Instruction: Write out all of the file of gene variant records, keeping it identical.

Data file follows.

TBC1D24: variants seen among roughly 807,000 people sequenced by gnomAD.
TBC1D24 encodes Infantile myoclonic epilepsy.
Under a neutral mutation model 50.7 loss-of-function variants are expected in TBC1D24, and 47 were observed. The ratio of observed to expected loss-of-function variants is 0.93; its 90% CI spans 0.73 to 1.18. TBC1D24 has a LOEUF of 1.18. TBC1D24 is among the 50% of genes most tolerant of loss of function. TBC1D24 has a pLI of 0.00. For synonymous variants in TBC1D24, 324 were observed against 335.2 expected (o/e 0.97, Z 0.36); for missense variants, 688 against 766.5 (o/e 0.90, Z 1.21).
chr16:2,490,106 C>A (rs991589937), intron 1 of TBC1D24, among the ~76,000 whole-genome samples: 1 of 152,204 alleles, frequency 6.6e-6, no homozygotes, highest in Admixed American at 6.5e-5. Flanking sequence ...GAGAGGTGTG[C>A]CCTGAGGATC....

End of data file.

TBC1D24: variants seen among roughly 807,000 people sequenced by gnomAD.
TBC1D24 encodes Infantile myoclonic epilepsy.
Under a neutral mutation model 50.7 loss-of-function variants are expected in TBC1D24, and 47 were observed. The ratio of observed to expected loss-of-function variants is 0.93; its 90% CI spans 0.73 to 1.18. TBC1D24 has a LOEUF of 1.18. TBC1D24 is among the 50% of genes most tolerant of loss of function. TBC1D24 has a pLI of 0.00. For synonymous variants in TBC1D24, 324 were observed against 335.2 expected (o/e 0.97, Z 0.36); for missense variants, 688 against 766.5 (o/e 0.90, Z 1.21).
chr16:2,490,106 C>A (rs991589937), intron 1 of TBC1D24, among the ~76,000 whole-genome samples: 1 of 152,204 alleles, frequency 6.6e-6, no homozygotes, highest in Admixed American at 6.5e-5. Flanking sequence ...GAGAGGTGTG[C>A]CCTGAGGATC....